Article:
These Cute Sculptures Want You to Care About the Environment
They're made by BenCab, Borlongan, Justiniani, and many more!
(SPOT.ph) How can art change the world? World Wide Fund for Nature and the country’s leading contemporary artists come together to raise awareness on biodiversity conservation—and hope to save the world, one sculpture at a time.
National Artist for Visual Arts Benedicto Cabrera (a.k.a. BenCab), along with Elmer Borlongan, Geraldine Javier, Mark O. Justiniani, and José Santos III, created limited edition sculptures inspired by the environmental organization’s popular panda logo. Called “Art, Heart, Earth,” the project seeks to engage the public in heeding the call to preserve nature and tackle serious issues on climate change through arts and culture. It is made possible in collaboration with Tin-aw Art Management Inc. and Secret Fresh Gallery.
“Kapit-Bisig” by Benedicto Cabrera
“Wildlife Rehabilitator” by Elmer Borlongan
“Kugos” by Mark Justiniani
Some of the themes explored by the artists—now called Art Ambassadors—center on man’s role in the conservation of nature and the pressing need for a sustainable environment. BenCab’s “Kapit-Bisig” and Borlongan’s “Wildlife Rehabilitator,” for example, depict humanity's harmonious existence with nature, while Justiniani’s “Kugos” is a heartwarming interpretation of how an orphaned animal species can be taken care of by disguised as its mother.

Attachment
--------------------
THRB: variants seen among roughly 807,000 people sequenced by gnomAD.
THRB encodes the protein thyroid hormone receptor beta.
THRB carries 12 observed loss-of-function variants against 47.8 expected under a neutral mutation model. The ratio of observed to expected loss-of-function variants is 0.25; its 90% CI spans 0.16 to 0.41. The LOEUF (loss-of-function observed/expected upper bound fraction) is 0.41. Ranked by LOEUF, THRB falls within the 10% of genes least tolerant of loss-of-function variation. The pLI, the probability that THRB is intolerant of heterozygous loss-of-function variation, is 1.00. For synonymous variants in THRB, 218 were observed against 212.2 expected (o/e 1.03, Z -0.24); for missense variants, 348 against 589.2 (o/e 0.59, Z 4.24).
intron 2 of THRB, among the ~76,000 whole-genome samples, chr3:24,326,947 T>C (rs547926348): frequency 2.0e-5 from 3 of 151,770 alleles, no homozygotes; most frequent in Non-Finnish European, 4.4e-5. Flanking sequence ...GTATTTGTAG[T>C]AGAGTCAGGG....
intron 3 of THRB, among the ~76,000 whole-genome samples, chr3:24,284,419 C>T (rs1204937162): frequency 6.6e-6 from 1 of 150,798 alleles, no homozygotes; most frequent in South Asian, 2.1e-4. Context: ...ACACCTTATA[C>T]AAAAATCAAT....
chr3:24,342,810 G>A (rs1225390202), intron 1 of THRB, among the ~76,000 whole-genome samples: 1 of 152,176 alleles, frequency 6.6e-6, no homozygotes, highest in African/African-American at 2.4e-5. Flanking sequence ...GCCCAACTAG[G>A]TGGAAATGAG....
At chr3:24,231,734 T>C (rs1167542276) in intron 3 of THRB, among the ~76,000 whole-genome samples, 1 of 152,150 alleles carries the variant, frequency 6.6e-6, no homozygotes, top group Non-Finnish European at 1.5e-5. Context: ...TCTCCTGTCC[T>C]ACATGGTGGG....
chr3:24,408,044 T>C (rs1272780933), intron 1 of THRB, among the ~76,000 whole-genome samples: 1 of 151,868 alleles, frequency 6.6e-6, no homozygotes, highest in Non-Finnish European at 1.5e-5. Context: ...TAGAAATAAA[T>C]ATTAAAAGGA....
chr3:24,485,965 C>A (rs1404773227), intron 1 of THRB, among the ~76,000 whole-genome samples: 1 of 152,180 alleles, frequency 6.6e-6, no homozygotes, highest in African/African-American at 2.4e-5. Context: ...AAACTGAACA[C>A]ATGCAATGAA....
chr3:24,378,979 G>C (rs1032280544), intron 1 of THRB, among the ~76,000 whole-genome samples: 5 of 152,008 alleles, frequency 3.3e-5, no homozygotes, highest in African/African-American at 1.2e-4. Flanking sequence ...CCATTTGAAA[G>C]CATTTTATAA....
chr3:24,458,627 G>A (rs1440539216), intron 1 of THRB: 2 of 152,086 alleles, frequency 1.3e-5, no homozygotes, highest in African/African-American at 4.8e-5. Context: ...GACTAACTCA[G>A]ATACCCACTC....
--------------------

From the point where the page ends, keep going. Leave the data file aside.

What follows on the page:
“Home” by Geraldine Javier
“Natural Selection” by Jose Santos III
Meanwhile, Javier’s work entitled “Home” focuses on the need to respect our environment and to not succumb to exploitation of the resources around us. Santos’ piece might be different from the rest but the idea behind it remains. His piece titled “Natural Selection” delves on upcycling materials and transforming them to something extraordinary instead of discarding them as garbage and contributing more to pollution.
Though approaches may differ, each Art Ambassador have always been trying to find solutions to environmental issues even before the campaign. BenCab, whose famous Baguio studio and museum lie on an area surrounded by thick vegetation, is concerned with the excessive use of plastic in our everyday lives. Javier started planting vegetables to set an example to her community that sustainable living can be done. Borlongan, who lives 10 minutes away from the West Philippine Sea, has seen first-hand the destruction of our oceans through dynamite fishing and is alarmed by its dangers not only to the marine ecosystem, but also to the fishing communities.
The sculptures are on display at Secret Fresh Sky Gallery, 6/F Ronac Lifestyle Center, Paseo de Magallanes, Makati until May 6. For more information, follow WWF-Philippines on Facebook.